Pass-rusher David Bass adjusting to the NFL

The Raiders struggled to find a consistent pass rush last season yet decided to wait until the seventh round of April’s draft to take a pass-rushing specialist. That man is David Bass.

David Bass speaks to the media during rookie mini-camp

Bass made a name for himself at the Missouri Western State University by finishing with school-records of 40.5 career sacks and 50 consecutive starts.

The young defensive end used his ability to stay healthy during the offseason workouts to take in all the experience possible while also proving that he can play in the NFL.

“I feel mini-camp, OTA’s and mandatory mini-camp went well,” Bass said. “I showed that I can compete and I can fit and now we’ve got the pads on. I’m slowly taking everything in, like I said earlier: getting adapted to everything. I have my share of mistakes but I’m learning from everything and feel like I’m getting better everyday.”

After starting 14 games as a senior in which racked up 61 tackles, 11.5 sacks and seven passes defensed, Bass was invited to the East-West Shrine game. He was also named one of eight finalists for the Gene Upshaw Award, the award given to the best lineman in NCAA Division II football.

The Raiders finished 31st in the NFL with just 25 sacks last season, so there is no doubt Raiders head coach Dennis Allen is looking for someone to help apply pressure on the opponents’ quarterback.

Bass showed his ability to get into the backfield on Sunday, the team’s first day in pads by getting into the backfield on consecutive plays.

Bass got back there to bat down fellow rookie Tyler Wilson’s pass to the ground and then used his speed to beat the left tackle and get to Wilson again for the simulated sack. Just a couple of plays later, Bass disrupted the play once again by forcing Wilson to just throw the ball towards the ground.

These types of plays from Bass do not come as a surprise to Raiders head coach Dennis Allen.

“When we looked at him for the draft, that was one of the things that we saw: the ability to rush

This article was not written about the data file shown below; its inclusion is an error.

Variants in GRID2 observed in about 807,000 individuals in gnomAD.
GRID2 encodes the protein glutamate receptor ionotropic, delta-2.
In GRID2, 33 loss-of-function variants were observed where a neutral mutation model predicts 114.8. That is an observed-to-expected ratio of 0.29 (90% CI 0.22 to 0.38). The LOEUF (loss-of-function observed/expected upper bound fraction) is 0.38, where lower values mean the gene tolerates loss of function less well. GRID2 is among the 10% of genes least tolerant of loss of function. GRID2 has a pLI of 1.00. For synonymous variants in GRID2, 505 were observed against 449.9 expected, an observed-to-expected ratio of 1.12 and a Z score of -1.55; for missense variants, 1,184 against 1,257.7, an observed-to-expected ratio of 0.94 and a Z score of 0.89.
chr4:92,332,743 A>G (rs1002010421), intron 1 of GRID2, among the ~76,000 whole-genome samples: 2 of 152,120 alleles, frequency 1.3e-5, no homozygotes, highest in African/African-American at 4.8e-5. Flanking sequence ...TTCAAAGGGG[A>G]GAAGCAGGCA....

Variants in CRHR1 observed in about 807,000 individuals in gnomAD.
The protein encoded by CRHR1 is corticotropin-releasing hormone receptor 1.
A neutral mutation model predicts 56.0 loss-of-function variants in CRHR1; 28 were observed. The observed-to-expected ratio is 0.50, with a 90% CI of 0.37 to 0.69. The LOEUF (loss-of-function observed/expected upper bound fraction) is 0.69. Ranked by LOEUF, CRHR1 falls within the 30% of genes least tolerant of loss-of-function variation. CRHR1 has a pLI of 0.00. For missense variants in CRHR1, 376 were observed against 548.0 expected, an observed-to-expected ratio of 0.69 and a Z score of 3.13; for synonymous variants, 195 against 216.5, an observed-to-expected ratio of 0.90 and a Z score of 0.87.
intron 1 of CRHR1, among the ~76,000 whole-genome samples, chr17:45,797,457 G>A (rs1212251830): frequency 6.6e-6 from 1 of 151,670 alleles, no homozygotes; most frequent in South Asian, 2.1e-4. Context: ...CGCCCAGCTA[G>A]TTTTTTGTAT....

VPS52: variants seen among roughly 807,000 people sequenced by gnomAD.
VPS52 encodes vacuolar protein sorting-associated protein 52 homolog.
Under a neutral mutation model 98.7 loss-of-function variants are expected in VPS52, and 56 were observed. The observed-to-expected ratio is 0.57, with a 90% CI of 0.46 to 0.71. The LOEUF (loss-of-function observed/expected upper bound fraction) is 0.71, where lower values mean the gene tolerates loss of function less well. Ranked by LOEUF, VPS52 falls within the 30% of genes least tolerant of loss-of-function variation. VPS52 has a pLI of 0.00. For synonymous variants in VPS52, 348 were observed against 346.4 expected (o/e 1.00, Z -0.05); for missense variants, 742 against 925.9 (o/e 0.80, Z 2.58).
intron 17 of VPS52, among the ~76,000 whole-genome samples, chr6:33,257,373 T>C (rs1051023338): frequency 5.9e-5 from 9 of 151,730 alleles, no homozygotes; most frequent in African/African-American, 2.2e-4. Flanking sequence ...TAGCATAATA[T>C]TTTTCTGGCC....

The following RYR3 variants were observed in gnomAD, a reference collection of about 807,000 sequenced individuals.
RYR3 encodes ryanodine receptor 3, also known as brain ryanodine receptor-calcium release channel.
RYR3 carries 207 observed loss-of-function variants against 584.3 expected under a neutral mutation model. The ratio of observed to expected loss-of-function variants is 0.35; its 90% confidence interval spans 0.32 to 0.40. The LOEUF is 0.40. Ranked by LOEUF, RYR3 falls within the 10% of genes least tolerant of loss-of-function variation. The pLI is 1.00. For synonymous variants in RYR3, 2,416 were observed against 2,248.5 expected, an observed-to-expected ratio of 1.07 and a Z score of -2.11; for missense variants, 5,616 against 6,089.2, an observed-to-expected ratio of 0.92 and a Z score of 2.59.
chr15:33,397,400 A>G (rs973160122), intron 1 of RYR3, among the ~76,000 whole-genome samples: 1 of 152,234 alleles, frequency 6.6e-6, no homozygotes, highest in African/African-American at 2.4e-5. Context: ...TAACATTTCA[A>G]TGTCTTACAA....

David Bass works during training camp

the passer,” Allen said of the 6-foot-4, 254-pound defensive end. “That’s something that we’re going to count on.”

Allen knows that Bass can apply pressure, but he wants to see growth in his ability in defend the run.

“He’s got to continue to improve on the run game and continue to improve to just understand how to play the NFL game. He comes from a small school so there’s a big learning curve for him but he’s got some athletic ability and some pass-rushing ability.”

Bass knew he had work to do after being drafted and has been focusing on his run defense even harder.

“Coming in, that’s what I wanted to focus on [defending the run] because I had a lot of knocks saying ‘oh he can do pass but he can’t play the run,’ so I was focused on ‘if pass comes naturally to me, i’m going to go out there and continue what I do on pass but run… i need to put an emphasis on that so I can stop the run and show coaches that I’m more than one-dimensional and just stop the pass,’” Bass said. “So now I’m more focused on that at the same time I’m trying to work my pass rush too.”

Both Allen and Bass will be pleased when they watche tape from Tuesday’s practice and see a play in which Bass was able to shed his blocker and get to the running back for a simulated tackle at the line of scrimmage.

The 233rd-overall draft selection cites a change in on-field mentality as something that has surprised him with his play during training camp.

“Actually, these past couple of days I feel like my run defense is surprising me because usually more of a pass and then react to pass but now I’m more of a run, [then] react to pass,” Bass said.

Bass knows that he can’t abandon working on his pass rush while developing his rush defense as the NFL has a much higher level of play than that of which he played in college.

“Coming off the edge at this elite level is a lot different, I can tell you that, especially coming from a DII school,” Bass said. “I’ve been just trying to fine-tune my pass rush and get my technique down because you can’t just come off the edge any old way and get to the QB… there’s a lot involved.”

The good news for the young defensive end is that he has a group of defensive linemen around him with extensive knowledge and willing to teach.

“Lamarr Houston, starting off, that’s just a phenomenal guy – stopping the run, getting to the QB in pass. Real athletic. And Andre Carter, he’s a vet so he’s pretty much seen everything out there,” Bass said of his teammates. “And the rookies last year Jack and Christo, I get a lot of advice from them coming from their rookie season and getting accustomed. Pretty much anybody on our d line I can go to and just ask questions.”

After playing in front of small crowds in high school and at Missouri Western State, Bass looks forward getting in front of the Raider Nation at O.Co Coliseum.

“I can’t wait, man. I’ve been playing in front of 4,000, 5,000 my whole life,” Bass said. “I’m ready to see what a real crowd looks like.”


You can listen to the entire interview with David Bass below:

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Author: Chris McClain

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